It is dark this morning. Not just the time of the morning it is, but the sky has a darkness to it that won't be repelled by sunrise in another hour. It is grey, and chilly this morning, but not yet cold. October, right now, seems hung by a fine thread, a balancing act, between leaving summer and committing to winter. It's indecisiveness, it's inability to decide where to put its mark most, is something I can identify with right now. So, fight it or embrace it, it is a dark morning. Accept it might be the best middle ground.For October. For me.
     I am up, dressed and ready for work an hour early this morning. I'm not sure why. What to do with it. I could go to school. There's plenty to do there, always an extra hour, or twenty, needed. But that would mean leaving the dogs an hour early, and I hate to do that. They're such good company, and I believe they need mine too. I stand at the front shutterless, curtainless, windows,  still bare of any coverings since I haven't finished painting the trim yet, and look out at the dark world in front of my house. The house across the street, where there are two good parents with two good kids, is lit enough so that I know they are up and getting the boys ready for school, and themselves ready for work. I know both boys will be fed breakfast before mom takes them up to school, and I know their lunches are packed, and their clothes will match, and their hair will be combed. And I know mom will kiss them goodbye in the car, at least the little one, and wish them a good day. She'll probably tell them to be good, too.
     The house next to theirs is dark. No one is up and around there. It is a different house, a different world, right next door. Those kids have it rough. No one will feed them breakfast, check their clothes, muss their hair, or tell them to have a good day. When all six kids from both houses are out on the sidewalk after school, on weekends, the playing field is level. They are all kids. When they return indoors to their respective houses, long after dark for the kids in the house on the right, they return to different countries, one at peace, the other at war, and the four kids in that house have been the casualties since their births.
     A school bus decelerates down the street to the left, and leans into the corner turn, off to pick up children from good and bad houses, and bring them to us within the hour. Another car makes the turn, its headlights piercing the gloomy dark morning, and I wonder, idly, where it is going, and whether I would like to be going there, too. Where would I like to go this morning? I don't even know.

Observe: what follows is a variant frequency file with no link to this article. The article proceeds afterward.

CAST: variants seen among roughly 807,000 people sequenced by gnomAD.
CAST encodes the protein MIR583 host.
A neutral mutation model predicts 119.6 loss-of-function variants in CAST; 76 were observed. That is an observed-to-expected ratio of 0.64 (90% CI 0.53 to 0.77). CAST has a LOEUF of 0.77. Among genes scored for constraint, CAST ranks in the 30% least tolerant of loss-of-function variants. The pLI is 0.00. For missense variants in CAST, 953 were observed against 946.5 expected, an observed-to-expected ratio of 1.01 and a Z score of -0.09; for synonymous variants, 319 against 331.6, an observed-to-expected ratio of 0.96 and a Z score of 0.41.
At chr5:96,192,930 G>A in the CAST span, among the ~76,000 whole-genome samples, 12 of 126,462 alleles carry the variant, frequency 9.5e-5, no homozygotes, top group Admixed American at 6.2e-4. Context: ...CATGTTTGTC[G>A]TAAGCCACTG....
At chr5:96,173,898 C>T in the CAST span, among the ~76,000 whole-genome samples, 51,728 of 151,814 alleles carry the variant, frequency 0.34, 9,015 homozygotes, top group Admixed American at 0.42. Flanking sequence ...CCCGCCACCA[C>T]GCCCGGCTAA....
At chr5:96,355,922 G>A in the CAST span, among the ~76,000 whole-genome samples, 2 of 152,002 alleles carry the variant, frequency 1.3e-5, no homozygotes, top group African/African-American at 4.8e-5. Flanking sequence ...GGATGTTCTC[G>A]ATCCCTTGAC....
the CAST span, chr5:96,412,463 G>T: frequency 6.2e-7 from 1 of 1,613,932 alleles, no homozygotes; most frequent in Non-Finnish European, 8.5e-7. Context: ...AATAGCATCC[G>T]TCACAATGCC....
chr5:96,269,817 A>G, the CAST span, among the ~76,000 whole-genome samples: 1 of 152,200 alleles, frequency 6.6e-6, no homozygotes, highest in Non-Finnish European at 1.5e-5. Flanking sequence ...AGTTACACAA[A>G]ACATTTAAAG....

My second cup of coffee is poured, and I'm grateful that this extra time this morning means that I will get to drink it here, at home, with my dogs for company, and while it's hot. Most mornings I take the second cup to school with me, and by the time I'm able to drink, it's already lukewarm. I'm used to cold coffee, but it doesn't mean I like it. The sky is lightening a bit, enough to see that I was right, and heavy grey clouds are hanging grumpily above the almost bare trees across the street. There is now a light behind the two upstairs bedroom windows in the other house across the street, which means someone is awake over there, at least. Most likely the kids have their own alarms, and have gotten themselves up. I hope they have a good day. I hope they get enough to eat at school and it fills them up for awhile. I hope that someone loves them, just a little bit, today.
     Sparticus, the rooster, the king-of-my-coop rooster, for there are three, has just begun to crow. I guess the darkness of the morning has led him to a late start this day. Soon, he and his harem of hens will be out scratching in the dirt, looking for cold worms.  I hope they find some this morning. One of the cats has given herself a bath, and curled up in a tight little ball, wedged in to the back of the couch, where I would bet she will be most of the day. It is that kind of a day today. The dogs are busy chewing bones I gave them when I sat down with my coffee, and that will keep them all busy for at least another few moments. Then, as I begin my day again in public, with all the noise and chaos that I hate, they, too, will curl up and snooze the rest of the day away. Oh, they'll guard the house occasionally with their frantic and ferocious sounding barking, but when the squirrell on the Birch scampers off, or the errant stray wandering through our front yard has gone on about his business down the street, they, too, will curl up and go back to dozing until I return home eight hours from now.
     It's only been an extra hour this morning, but what a gift for my thoughts, and my heart, it's been. An hour spent with hot coffee, dogs, and my own musings, makes me realize there really was no other way to have spent this hour. Silly that I stood at the window in the dark so long looking for one, looking for some other way to have filled it. Some way that mattered more. I don't think there could have been one. At least not today.

Saturday, October 13, 2012

Castle Building

If you have built castles in the air, your work need not be lost; that is where they should be. Now put the foundations under them.
Henry David Thoreau
US Transcendentalist author (1817 - 1862)